However, the symptoms of OCD often prevent or obstruct a person from going about their usual daily life. It can also sometimes impact on other people who are close to them; it’s possible that a loved one will notice the symptoms before the person affected does.
How is OCD diagnosed?
Getting help for OCD can start with a GP. They may refer you to a specialist to discuss your symptoms in more detail.
A mental health professional can make an assessment during a verbal consultation. This can take place in person, but in some cases it might be done over the phone. They’ll usually ask you to answer some questions such as:
- Is there any thought that keeps bothering you that you’d like to get rid of but can’t?
- Are you concerned about putting things in a special order or are you very upset by mess?
NICE has a framework to help professionals identify OCD, and the assessment will be based around these guidelines. It takes around an hour.
Does OCD require treatment?
People with OCD can benefit greatly from treatment.
Psychological therapy techniques are the first-line option. These include cognitive behavioural therapy (CBT) and, less commonly, exposure and response prevention (ERP).
These can vary in intensity level; for example, someone who has ‘mild functional impairment’ may be recommended low intensity CBT (up to 10 hours with a therapist). Someone with moderate or severe functional impairment may be offered more intensive therapy (more than 10 hours) or an SSRI medication, or a combination of the two.
What treatments are there for OCD?
Cognitive behavioural therapy involves speaking with a therapist, and focusing on the negative thoughts present at that time. The therapy helps the person to divide their negative thoughts into smaller, more manageable segments, and demonstrating to the person how to overcome them, with the ultimate aim of improving their outlook and mental well-being.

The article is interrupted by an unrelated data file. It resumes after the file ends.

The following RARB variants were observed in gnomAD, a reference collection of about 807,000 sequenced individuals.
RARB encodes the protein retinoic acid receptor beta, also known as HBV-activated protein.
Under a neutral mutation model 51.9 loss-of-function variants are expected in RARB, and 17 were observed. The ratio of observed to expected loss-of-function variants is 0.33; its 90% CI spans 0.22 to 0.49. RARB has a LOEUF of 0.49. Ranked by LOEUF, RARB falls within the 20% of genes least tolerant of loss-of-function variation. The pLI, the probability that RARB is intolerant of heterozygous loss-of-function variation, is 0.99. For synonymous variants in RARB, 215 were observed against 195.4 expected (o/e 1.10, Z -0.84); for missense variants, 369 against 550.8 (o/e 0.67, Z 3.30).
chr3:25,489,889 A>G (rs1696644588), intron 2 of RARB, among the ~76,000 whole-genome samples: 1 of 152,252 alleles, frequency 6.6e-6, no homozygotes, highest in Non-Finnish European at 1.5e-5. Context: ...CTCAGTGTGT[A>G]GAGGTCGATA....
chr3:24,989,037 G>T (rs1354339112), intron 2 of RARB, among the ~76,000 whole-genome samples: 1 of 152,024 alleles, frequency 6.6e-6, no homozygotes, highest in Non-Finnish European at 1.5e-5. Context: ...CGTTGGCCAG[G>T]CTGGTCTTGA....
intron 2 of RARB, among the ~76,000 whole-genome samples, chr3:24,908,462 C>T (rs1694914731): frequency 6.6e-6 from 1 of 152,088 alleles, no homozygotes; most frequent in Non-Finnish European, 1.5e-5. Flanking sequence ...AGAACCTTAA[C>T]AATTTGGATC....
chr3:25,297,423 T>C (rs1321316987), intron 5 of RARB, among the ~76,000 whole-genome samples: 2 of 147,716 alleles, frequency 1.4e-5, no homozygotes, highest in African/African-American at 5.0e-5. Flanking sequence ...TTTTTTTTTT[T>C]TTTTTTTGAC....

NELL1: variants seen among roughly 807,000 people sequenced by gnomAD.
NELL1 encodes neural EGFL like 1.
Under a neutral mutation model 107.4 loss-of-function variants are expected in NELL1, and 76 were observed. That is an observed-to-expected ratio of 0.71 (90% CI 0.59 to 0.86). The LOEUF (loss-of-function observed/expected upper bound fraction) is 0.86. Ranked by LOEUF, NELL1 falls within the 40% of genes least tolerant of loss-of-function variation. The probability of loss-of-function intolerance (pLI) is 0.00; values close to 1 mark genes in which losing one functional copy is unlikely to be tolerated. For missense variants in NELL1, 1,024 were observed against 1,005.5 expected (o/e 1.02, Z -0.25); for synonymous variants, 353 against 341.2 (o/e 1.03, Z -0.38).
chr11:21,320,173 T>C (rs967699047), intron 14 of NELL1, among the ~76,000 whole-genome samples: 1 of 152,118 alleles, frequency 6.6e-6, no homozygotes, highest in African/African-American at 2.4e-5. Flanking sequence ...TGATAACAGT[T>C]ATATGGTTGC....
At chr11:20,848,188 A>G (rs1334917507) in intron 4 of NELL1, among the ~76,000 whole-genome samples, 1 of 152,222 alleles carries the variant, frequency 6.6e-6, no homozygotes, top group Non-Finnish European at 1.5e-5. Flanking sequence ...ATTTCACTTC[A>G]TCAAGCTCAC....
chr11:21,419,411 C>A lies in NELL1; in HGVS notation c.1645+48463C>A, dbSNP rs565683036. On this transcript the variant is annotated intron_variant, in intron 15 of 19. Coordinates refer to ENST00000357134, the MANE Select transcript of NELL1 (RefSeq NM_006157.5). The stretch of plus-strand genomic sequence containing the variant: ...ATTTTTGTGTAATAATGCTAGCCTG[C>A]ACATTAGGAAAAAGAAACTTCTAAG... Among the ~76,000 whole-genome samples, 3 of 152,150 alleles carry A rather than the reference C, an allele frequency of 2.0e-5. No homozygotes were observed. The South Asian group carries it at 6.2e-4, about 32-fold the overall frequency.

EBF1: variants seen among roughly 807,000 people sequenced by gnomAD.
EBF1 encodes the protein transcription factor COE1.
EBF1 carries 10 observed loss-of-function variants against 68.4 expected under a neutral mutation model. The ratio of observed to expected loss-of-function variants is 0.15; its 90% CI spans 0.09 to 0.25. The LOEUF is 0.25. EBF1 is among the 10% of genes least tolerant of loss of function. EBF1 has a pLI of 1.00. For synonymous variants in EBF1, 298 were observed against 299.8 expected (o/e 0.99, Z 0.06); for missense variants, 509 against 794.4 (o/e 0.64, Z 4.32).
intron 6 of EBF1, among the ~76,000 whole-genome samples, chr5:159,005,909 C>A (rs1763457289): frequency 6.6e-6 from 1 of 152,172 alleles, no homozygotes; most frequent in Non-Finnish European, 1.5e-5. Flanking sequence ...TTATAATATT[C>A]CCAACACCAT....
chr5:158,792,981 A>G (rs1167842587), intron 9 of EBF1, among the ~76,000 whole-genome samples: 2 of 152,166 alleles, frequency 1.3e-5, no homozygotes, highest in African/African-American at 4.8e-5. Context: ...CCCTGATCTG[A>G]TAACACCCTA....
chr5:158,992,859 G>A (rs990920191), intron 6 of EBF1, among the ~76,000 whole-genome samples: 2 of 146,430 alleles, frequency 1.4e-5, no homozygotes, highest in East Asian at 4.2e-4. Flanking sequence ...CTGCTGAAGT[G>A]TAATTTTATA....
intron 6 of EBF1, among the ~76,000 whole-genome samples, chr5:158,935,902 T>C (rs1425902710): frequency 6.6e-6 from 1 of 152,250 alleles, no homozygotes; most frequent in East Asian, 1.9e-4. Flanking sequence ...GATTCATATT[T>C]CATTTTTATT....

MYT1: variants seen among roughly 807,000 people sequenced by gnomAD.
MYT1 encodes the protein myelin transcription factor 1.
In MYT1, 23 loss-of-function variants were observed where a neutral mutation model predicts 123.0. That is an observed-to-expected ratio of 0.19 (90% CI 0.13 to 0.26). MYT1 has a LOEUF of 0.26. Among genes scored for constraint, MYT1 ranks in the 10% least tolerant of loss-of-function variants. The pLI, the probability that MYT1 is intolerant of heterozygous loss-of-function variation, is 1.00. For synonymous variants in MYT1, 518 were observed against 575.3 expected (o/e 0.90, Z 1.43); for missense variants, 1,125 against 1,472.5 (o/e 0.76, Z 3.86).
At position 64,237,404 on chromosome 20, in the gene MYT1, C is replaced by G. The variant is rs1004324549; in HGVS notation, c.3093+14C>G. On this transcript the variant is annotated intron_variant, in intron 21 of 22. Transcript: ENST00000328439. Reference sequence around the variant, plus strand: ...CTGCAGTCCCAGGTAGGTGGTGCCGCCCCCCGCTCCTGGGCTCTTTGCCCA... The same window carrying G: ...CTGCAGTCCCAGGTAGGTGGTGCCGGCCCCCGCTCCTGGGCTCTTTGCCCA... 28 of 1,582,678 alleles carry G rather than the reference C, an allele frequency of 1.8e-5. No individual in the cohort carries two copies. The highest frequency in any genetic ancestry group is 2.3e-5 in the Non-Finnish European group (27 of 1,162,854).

Exposure and response prevention therapy is an approach sometimes used as part of CBT, but the overarching principles are slightly different. This involves the person not addressing the obsessive thought by taking the corrective action - enabling the person to see, essentially, what happens if they don’t act on their compulsions.
When medication is used in the treatment of OCD, selective serotonin reuptake inhibitors, or SSRIs, are typically considered first. This includes drugs such as citalopram and paroxetine.
If one or more SSRIs have proven unsuccessful, a tricyclic antidepressant, such as clomipramine, may be recommended.
What should I do if I think I might have OCD?
Most people may, at some stage, display behaviours which seem similar to those found in OCD. It’s generally when these behaviours are persistent and prevent someone from functioning normally, or come about as a result of anxiety, that speaking to a doctor is recommended.
A GP will be able to discuss your symptoms with you and refer you to a specialist if they feel it is appropriate.
What treatments are there?
OCD is usually treated with cognitive behavioural therapy.
There are different levels of intensity in CBT; someone who is more mildly affected may be advised to have low intensity CBT, which is up to 10 hours. A person with moderate or severe symptoms will typically be offered a greater number of sessions (over 10 hours).
In some cases, a doctor may also suggest prescription treatment, namely an SSRI (such as citalopram or paroxetine) to be used in combination with CBT.
Are there side effects?
CBT is a talking therapy, and so there are no side effects as such. However, certain aspects of it, such as ERP, can be discomforting as it requires facing and ‘riding out’ anxieties.
Some side effects associated with SSRIs include tiredness and lethargy, changes in sleeping patterns and headache.
Can I consult a doctor about OCD online?
Yes. Our video doctor service enables you to consult a GP online about OCD, whether you’re already receiving treatment on the advice of a specialist and want to renew your prescription, or if you have concerns and want to discuss OCD with a doctor for the first time. Our doctors can issue prescriptions for treatment, or make a referral to a specialist where necessary. Click to proceed, and choose a suitable appointment slot for you to get started.